by Nancy E. Oates
Big newspapers are shrinking. Midsize papers are closing. Laid-off journalists are prominent in the unemployment lines. Carolina’s journalism school — founded in a time when newspapers were the media, built with close ties to North Carolina newspapers and brought to successive levels of sophistication at the urging of newspaper people — finds itself in a disquieting new world in which the hopeful
news about newspapering might fit in a Twitter post.
The public appetite for news, information and commentary has not ebbed, but it decidedly has
migrated to new media — instant and interactive, with sound and moving pictures newsprint can’t provide. Advertisers have followed the consumers, putting their money in different pockets.
But just as the loss of ads presents a problem for the business office that funded the newspaper enterprise, the turn to online sources is forcing journalists to redefine how they pursue and present the message. And the flow of news — the “daily” in daily newspaper — isn’t slowing to let them catch up.
news doesn’t fit with print, and the school must relearn while it teaches.
Fifteen percent of the country’s newspaper newsroom jobs went away in 2008,
according to the American Journalism
Review. The J-schools are being populated
by students who know the traditional
model is broken.
Perhaps the tantalizing prospects of the
new, the experimental, are why interest in
studying the profession in Carroll Hall has
not gone down. If anything, says Jean Folkerts, dean of the school, enrollment has
edged up. An annual survey by the University of Georgia showed enrollment in journalism programs nationally reached an all-time high in 2007.
Undergraduate enrollment in Chapel Hill
has remained steady over the past five years.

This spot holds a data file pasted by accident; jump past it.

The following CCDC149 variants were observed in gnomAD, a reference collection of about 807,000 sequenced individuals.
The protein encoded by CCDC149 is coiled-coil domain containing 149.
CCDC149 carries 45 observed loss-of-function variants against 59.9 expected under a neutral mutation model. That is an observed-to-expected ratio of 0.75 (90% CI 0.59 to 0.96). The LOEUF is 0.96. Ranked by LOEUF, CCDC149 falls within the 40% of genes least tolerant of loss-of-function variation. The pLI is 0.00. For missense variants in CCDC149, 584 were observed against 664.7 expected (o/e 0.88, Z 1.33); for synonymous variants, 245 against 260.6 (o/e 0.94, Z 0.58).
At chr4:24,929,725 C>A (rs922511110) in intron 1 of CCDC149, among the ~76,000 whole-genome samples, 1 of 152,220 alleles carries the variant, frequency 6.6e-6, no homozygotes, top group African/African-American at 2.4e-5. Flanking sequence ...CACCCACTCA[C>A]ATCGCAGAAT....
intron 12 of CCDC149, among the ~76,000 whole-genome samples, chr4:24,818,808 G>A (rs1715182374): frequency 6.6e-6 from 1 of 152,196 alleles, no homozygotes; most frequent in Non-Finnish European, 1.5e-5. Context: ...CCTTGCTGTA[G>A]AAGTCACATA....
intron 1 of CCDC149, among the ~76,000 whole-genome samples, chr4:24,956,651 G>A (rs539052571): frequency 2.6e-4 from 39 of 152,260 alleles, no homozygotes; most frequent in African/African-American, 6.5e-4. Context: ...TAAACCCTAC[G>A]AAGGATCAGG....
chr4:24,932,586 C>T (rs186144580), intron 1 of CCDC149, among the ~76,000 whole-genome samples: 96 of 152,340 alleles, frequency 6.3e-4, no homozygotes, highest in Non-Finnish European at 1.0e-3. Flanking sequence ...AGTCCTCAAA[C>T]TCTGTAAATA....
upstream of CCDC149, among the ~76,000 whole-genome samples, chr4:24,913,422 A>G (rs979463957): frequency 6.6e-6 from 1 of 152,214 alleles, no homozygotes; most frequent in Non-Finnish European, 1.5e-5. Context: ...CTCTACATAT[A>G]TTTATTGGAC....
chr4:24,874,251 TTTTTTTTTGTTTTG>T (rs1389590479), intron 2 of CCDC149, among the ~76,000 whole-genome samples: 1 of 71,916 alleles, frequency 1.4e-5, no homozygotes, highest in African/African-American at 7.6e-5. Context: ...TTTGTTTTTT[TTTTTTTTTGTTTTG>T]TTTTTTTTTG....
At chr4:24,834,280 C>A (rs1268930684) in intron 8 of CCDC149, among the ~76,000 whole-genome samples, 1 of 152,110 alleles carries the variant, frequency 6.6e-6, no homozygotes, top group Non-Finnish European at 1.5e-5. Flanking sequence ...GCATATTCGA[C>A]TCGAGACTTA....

“My fear is the parents,” Folkerts said.
“They look at headlines that say, ‘
Newspapers Are Dead.’ I’m afraid they’ll tell their
children not to go into journalism. It’s a
great field, and there are so many opportunities.
“They’re just different opportunities
than there used to be.”
The school is rolling out a refocused
curriculum this fall, trying to position itself
for a world in which the answers for the
industry could come as much from the students as from those hired to shape curriculum and teach it.
“We’re in a unique situation in academia
now,” said Laura Ruel, associate professor
and multimedia curriculum coordinator.
“The industry is looking to us for guidance.
We’re not just preparing our students for a
changing industry; we’re preparing our students to be the agents of change.”
The new curriculum
Despite the news industry turmoil, the
School of Journalism and Mass Communication has seen no decline in the percentage of students pursuing journalism; enrollment remains evenly divided between
journalism and advertising/public relations,
as it has for years.
The curriculum that guided J-school
students since 1993 separated students into
five sequences: advertising, public relations,
electronic, visual and news-editorial. Those
sequences have been jettisoned in this
year’s curriculum overhaul.